FIG. 8 illustrates a vector control system in accordance with a fourth embodiment of the present invention which is identical to the first embodiment but discloses a scheme of determining the secondary resistance r2. Like elements are designated by like numerals with a suffix letter of "D". In this embodiment, the secondary resistance r2 is determined in accordance with the following equation: ##EQU14## The above equation (11) is obtained by rewriting the equation (8). Thus, the correct secondary resistance r2 can be obtained by evaluating the slip frequency ωs and the torque current i1q. In order to cancel the second term of equation (11) for simplifying the calculation, it is made to use a maximum torque current i1d(max) which, as shown in FIG. 9B, has zero differential coefficient. That is, equation (11) is simplified into ##EQU15## when taking into consideration that L2 is nearly equal to M and φ is nearly equal to φ2d.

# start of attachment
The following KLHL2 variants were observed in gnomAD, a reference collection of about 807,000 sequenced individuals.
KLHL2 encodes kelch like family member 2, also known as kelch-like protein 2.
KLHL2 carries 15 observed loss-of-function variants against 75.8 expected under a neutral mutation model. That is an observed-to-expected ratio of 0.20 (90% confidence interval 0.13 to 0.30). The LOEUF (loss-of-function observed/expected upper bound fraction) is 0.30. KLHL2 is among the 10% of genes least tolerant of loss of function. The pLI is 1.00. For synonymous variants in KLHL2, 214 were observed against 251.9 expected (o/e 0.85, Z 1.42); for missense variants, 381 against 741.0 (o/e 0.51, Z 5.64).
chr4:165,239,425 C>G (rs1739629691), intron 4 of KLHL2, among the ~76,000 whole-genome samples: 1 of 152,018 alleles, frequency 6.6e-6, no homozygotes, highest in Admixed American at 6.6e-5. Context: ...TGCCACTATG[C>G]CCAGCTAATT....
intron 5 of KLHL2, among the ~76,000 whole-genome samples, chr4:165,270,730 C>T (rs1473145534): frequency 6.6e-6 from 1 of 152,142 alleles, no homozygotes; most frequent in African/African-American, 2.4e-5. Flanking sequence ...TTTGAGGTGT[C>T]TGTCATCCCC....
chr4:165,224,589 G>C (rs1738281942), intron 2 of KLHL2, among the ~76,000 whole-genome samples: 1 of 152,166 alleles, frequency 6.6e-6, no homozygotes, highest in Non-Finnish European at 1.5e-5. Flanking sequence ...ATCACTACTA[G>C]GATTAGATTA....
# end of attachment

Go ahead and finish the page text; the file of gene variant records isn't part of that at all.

The slip frequency ωs is evaluated by analyzing the waveform of the detected torque current i1q which is obtained by varying the motor speed by one increment Δω over a time period T2, as shown in FIGS. 9A and 9B, under a condition of applying no load. Assuming that the motor speed varies approximately linearly while incrementing the primary frequency by Δω, the slip frequency ωs at the maximum torque current i1q(max) is obtained by the following equation: ##EQU16## where T1 is a time required for torque current i1q to reach its maximum from the start of varying the primary frequency ω, and T2 is a time required for torque current i1q to settles to zero.

Thus obtained slip frequency ωs and the maximum torque current i1q(max) are substituted into equation (12) to give the correct secondary resistance r2, which is then utilized to determine the motor constant Km in accordance with the above equation (10) for consistent vector control of the motor speed.